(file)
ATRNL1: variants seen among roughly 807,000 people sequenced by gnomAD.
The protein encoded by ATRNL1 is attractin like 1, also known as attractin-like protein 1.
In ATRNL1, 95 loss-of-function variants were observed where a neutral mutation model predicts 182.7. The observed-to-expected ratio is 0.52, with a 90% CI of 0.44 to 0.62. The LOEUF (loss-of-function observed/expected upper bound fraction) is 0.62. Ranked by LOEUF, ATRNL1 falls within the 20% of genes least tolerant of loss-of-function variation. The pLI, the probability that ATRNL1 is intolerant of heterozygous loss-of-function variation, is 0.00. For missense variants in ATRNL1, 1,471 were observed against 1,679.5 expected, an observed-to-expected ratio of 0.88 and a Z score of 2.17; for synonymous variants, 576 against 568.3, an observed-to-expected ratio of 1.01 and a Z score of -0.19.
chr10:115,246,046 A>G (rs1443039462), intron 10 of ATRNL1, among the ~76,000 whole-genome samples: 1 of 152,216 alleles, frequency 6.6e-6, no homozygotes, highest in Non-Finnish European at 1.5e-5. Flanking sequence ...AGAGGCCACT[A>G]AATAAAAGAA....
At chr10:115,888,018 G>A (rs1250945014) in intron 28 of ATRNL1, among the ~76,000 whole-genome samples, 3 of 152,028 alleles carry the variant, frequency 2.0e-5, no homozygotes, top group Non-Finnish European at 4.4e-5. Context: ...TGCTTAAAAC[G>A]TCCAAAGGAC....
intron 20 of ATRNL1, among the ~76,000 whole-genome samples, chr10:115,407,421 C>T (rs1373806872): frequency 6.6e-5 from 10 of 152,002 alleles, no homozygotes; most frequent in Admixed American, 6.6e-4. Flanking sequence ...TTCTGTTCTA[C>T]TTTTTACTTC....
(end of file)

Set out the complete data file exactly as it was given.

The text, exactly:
ATRNL1: variants seen among roughly 807,000 people sequenced by gnomAD.
The protein encoded by ATRNL1 is attractin like 1, also known as attractin-like protein 1.
In ATRNL1, 95 loss-of-function variants were observed where a neutral mutation model predicts 182.7. The observed-to-expected ratio is 0.52, with a 90% CI of 0.44 to 0.62. The LOEUF (loss-of-function observed/expected upper bound fraction) is 0.62. Ranked by LOEUF, ATRNL1 falls within the 20% of genes least tolerant of loss-of-function variation. The pLI, the probability that ATRNL1 is intolerant of heterozygous loss-of-function variation, is 0.00. For missense variants in ATRNL1, 1,471 were observed against 1,679.5 expected, an observed-to-expected ratio of 0.88 and a Z score of 2.17; for synonymous variants, 576 against 568.3, an observed-to-expected ratio of 1.01 and a Z score of -0.19.
chr10:115,246,046 A>G (rs1443039462), intron 10 of ATRNL1, among the ~76,000 whole-genome samples: 1 of 152,216 alleles, frequency 6.6e-6, no homozygotes, highest in Non-Finnish European at 1.5e-5. Flanking sequence ...AGAGGCCACT[A>G]AATAAAAGAA....
At chr10:115,888,018 G>A (rs1250945014) in intron 28 of ATRNL1, among the ~76,000 whole-genome samples, 3 of 152,028 alleles carry the variant, frequency 2.0e-5, no homozygotes, top group Non-Finnish European at 4.4e-5. Context: ...TGCTTAAAAC[G>A]TCCAAAGGAC....
intron 20 of ATRNL1, among the ~76,000 whole-genome samples, chr10:115,407,421 C>T (rs1373806872): frequency 6.6e-5 from 10 of 152,002 alleles, no homozygotes; most frequent in Admixed American, 6.6e-4. Flanking sequence ...TTCTGTTCTA[C>T]TTTTTACTTC....